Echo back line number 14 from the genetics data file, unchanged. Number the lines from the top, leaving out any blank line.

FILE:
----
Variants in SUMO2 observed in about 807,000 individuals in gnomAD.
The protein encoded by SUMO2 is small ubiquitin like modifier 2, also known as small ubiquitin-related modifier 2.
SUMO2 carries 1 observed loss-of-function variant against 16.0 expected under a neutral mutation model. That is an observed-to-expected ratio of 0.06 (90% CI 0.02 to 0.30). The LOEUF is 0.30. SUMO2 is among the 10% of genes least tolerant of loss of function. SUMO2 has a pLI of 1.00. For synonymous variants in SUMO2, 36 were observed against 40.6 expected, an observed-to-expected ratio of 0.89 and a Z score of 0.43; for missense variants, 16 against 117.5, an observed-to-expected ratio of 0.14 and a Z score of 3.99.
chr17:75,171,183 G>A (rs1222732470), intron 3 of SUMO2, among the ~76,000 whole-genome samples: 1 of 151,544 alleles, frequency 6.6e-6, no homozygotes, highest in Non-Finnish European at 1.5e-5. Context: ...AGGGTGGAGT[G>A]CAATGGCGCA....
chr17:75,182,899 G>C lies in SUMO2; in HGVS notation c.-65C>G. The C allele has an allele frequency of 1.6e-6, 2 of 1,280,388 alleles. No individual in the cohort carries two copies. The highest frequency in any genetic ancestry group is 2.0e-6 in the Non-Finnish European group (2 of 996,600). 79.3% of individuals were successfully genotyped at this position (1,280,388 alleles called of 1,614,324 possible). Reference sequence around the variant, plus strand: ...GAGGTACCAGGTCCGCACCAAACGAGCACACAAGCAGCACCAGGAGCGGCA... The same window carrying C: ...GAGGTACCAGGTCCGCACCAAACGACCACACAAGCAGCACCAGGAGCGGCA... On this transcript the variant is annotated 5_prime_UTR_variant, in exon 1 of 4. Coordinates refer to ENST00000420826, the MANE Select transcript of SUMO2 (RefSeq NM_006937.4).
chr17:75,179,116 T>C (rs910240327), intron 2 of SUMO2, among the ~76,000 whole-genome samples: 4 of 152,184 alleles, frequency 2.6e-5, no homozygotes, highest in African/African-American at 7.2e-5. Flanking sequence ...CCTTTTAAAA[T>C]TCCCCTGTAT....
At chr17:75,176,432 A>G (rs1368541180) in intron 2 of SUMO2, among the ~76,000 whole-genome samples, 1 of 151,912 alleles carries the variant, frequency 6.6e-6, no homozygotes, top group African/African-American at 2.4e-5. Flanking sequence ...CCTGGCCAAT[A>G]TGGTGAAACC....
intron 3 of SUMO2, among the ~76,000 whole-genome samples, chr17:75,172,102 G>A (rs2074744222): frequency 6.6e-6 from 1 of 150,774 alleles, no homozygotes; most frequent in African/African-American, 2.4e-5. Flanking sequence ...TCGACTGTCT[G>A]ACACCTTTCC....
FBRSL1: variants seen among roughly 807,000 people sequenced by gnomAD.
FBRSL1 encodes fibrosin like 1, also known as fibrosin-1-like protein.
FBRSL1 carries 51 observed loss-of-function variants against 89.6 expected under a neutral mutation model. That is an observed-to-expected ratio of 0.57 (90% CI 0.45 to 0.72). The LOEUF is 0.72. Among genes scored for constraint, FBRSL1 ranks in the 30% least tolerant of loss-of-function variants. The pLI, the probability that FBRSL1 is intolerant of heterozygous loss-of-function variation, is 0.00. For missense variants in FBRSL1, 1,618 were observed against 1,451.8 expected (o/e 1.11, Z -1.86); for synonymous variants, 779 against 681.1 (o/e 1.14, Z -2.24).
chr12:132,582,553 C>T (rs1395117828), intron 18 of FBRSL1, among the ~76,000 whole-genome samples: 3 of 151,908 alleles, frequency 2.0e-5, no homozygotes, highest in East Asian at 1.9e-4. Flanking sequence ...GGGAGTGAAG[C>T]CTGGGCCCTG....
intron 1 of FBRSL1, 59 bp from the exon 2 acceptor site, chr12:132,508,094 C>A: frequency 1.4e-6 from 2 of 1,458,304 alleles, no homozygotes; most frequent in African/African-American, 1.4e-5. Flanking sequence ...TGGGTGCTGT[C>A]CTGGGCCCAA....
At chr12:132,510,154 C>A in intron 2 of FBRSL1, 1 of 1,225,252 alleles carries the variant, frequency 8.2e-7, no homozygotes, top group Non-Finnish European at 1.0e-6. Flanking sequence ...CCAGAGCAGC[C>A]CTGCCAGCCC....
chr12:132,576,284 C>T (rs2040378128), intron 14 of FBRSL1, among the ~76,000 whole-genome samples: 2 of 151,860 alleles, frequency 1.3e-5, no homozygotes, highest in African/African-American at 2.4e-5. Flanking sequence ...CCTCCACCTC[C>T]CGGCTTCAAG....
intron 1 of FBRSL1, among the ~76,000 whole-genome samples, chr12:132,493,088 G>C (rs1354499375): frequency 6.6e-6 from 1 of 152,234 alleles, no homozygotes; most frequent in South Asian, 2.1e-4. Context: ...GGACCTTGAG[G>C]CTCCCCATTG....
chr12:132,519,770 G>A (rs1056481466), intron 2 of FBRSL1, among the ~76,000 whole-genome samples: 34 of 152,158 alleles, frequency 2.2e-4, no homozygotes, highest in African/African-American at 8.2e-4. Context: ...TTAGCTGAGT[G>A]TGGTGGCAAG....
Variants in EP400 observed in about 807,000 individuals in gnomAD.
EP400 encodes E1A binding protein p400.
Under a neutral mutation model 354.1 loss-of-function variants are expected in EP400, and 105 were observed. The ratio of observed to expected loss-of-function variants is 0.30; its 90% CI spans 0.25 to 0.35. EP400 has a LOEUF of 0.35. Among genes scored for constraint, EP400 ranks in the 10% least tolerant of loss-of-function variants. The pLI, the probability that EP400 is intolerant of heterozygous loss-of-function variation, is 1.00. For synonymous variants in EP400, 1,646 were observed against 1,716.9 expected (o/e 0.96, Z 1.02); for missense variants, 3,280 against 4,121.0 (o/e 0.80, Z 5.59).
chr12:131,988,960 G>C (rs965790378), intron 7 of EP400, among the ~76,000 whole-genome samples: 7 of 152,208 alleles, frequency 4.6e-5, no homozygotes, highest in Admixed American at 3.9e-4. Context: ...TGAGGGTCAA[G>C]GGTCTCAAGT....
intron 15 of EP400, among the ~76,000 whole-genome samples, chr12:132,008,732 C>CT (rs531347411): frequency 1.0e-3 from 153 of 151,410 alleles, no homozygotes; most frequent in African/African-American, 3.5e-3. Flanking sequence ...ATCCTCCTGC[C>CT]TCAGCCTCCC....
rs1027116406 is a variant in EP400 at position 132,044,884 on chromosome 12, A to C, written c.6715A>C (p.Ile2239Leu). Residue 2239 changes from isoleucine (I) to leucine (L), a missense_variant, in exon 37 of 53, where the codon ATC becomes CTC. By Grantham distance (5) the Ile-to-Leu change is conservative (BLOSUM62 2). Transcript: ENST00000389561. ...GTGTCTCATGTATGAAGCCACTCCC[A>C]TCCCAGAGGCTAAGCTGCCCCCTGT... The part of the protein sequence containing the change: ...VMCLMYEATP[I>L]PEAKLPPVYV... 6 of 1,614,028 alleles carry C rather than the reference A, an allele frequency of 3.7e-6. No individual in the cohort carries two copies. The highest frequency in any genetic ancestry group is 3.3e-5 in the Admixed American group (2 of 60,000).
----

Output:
At chr12:132,510,154 C>A in intron 2 of FBRSL1, 1 of 1,225,252 alleles carries the variant, frequency 8.2e-7, no homozygotes, top group Non-Finnish European at 1.0e-6. Flanking sequence ...CCAGAGCAGC[C>A]CTGCCAGCCC....